Taking cannabinoids during pregnancy can cause behavioural and neuronal deficits in adult male offspring, while females remain unaffected, says new research published in eLife.
The study in rats, from the Inserm and Aix-Marseille University Mediterranean Institute of Neurobiology, France, and Roma Tre University, Italy, in collaboration with Indiana University, US, suggests that prenatal cannabinoid use can lead to less sociability and increased neuronal excitability in males only. The findings also point towards a potential pharmacological strategy to help reverse these effects in humans.
Senior author Olivier Manzoni, Inserm Research Director at the Mediterranean Institute of Neurobiology, and Director of the CannaLab at the institute, says: "As cannabinoids can cross the placenta, they may interfere with fetal endocannabinoid signaling during neurodevelopment, which is involved in regulating a variety of processes such as pregnancy, appetite, pain sensation, and mediating the pharmacological effects of cannabis. This could in turn lead to some serious long-term deficits. But despite increasing reports of cannabis consumption during pregnancy, the long-term consequences of prenatal cannabinoid exposure remain incompletely understood."
To fill this knowledge gap, the international collaborators examined how prenatal cannabinoid exposure influences the synaptic and behavioral functions of the medial prefrontal cortex - a brain region often implicated in neuropsychiatric disorders - in adult male and female rats.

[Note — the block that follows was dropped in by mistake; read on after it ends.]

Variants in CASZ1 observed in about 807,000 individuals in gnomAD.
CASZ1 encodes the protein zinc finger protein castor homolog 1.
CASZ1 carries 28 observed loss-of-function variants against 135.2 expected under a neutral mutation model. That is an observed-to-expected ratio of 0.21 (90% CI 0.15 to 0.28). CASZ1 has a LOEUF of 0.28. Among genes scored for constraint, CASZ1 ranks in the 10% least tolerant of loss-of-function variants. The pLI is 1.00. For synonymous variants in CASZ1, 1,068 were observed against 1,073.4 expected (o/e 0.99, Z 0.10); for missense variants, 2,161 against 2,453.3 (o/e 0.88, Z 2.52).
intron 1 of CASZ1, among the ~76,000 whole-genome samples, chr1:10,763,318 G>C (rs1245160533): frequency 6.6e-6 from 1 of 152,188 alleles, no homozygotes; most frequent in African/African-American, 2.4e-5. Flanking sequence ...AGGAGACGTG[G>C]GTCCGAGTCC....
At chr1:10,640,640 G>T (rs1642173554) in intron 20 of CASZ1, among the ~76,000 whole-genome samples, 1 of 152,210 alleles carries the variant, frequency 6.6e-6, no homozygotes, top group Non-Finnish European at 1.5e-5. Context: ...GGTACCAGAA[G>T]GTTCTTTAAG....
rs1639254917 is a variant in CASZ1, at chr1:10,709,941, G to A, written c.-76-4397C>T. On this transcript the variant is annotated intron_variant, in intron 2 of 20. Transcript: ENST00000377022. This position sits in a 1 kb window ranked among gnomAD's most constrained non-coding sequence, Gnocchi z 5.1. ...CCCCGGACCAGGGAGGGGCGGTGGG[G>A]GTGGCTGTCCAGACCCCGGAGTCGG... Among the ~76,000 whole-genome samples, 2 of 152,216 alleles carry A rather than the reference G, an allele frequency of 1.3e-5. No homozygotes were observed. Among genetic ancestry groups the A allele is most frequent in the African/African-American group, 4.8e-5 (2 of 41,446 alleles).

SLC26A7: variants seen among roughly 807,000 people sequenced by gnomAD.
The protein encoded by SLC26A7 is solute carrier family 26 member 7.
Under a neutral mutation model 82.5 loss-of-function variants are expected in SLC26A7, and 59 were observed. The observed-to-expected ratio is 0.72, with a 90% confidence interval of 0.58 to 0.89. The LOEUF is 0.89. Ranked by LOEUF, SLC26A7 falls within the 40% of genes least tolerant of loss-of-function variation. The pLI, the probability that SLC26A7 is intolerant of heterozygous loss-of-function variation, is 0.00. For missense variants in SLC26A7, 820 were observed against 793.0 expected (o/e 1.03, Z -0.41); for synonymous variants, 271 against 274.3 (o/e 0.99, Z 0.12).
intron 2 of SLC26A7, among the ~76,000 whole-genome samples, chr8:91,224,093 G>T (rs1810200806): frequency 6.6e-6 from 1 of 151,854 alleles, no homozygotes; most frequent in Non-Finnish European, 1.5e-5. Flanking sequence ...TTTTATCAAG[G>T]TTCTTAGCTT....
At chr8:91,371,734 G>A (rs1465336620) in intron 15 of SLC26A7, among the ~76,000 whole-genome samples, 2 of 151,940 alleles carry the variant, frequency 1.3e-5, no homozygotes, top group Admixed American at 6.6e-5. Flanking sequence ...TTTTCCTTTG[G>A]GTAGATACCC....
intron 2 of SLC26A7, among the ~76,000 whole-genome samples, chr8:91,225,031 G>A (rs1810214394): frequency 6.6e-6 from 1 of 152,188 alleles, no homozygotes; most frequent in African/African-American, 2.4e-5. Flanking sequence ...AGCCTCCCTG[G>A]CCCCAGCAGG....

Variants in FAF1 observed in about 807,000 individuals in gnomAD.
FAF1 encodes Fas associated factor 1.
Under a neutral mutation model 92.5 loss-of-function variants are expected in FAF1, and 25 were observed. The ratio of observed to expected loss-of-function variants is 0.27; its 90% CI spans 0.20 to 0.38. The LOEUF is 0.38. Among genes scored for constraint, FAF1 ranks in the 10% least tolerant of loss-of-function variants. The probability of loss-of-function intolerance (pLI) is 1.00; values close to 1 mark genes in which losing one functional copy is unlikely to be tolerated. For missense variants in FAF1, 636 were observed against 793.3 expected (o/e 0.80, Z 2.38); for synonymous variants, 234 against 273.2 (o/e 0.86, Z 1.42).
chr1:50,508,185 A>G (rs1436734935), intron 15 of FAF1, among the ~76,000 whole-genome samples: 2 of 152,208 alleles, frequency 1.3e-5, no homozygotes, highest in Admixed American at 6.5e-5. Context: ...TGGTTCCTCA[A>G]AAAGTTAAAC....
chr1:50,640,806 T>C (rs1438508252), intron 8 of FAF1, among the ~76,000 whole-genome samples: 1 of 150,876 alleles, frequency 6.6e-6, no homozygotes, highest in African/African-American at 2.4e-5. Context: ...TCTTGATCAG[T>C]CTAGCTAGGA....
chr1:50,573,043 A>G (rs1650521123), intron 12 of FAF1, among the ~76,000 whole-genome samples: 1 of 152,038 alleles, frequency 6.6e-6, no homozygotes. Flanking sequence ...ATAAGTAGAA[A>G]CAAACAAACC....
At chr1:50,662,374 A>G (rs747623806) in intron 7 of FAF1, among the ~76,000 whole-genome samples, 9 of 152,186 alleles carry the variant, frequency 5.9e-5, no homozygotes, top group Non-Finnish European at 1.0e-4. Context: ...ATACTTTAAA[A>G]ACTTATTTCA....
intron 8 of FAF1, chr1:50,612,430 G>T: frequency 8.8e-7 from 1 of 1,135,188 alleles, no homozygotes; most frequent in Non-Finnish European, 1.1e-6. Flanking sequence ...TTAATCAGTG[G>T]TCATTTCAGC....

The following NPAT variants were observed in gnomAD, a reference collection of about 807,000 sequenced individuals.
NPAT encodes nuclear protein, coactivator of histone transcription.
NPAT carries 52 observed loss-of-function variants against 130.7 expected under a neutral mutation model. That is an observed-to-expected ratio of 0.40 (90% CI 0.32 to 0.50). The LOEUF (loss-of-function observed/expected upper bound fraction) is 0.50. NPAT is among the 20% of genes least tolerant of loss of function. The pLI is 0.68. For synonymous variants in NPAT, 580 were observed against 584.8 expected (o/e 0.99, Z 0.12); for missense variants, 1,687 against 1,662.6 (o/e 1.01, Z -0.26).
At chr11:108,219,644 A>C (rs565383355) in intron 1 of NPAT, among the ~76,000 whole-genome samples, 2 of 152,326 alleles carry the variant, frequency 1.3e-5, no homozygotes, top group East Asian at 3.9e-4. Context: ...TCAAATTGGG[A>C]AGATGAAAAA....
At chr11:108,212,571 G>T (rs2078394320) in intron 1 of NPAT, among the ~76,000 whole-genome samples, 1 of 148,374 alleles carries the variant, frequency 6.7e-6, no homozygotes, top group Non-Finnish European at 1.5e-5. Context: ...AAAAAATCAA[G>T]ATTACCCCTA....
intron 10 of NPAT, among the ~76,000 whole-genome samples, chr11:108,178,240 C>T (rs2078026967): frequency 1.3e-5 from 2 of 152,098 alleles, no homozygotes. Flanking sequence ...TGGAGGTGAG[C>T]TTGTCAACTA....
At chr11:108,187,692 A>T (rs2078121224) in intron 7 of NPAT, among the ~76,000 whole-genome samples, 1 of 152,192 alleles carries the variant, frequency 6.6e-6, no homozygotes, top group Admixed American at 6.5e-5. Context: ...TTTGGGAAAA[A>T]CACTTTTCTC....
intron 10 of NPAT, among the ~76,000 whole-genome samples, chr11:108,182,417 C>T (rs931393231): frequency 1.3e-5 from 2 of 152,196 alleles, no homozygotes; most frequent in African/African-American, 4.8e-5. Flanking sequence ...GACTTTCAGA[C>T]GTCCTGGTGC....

Their results revealed that males exposed to cannabinoids while in the uterus were less sociable than normal animals, and spent less time interacting with others. Their sniffing and playing behaviors were impaired, while the number of attacks among males remained unchanged. Additionally, the researchers saw that the exposed males had a heightened excitability of pyramidal neurons in the prefrontal cortex. None of these effects were seen in females.
"The deleterious effects of prenatal exposure to cannabinoids on social behavior were specific to male offspring only," explains co-first author Anissa Bara, who was a PhD candidate in Manzoni's lab at the time the study was carried out. "But while social interaction was specifically impaired in males, locomotion, anxiety and cognition remained unaffected in both sexes, suggesting discrete and sex-specific behavioral consequences of cannabinoid exposure during adulthood."
The results also revealed that the mGlu5 gene - an effector of endocannabinoid signaling in the prefrontal cortex - was reduced in the exposed males' prefrontal cortex. The team discovered that amplifying mGlu5 signaling could normalise the synaptic and behavioral deficits induced by prenatal exposure to cannabinoids partly by activating the cannabinoid type 1 receptor (CB1R). Similarly, later tests also revealed that enhancing levels of anandamide (a type of endocannabinoid) in exposed males helped to restore their social deficits via CB1R.
"Altogether, these results provide compelling evidence for sex-specific effects of prenatal cannabinoid exposure," concludes co-first author Antonia Manduca, Inserm Postdoctoral Researcher at the Mediterranean Institute of Neurobiology. "The fact that increasing mGlu5 signaling and enhancing anandamide levels helped to reverse the negative effects of early exposure in rats also hints at a new pharmacological strategy that could one day be trialled in humans."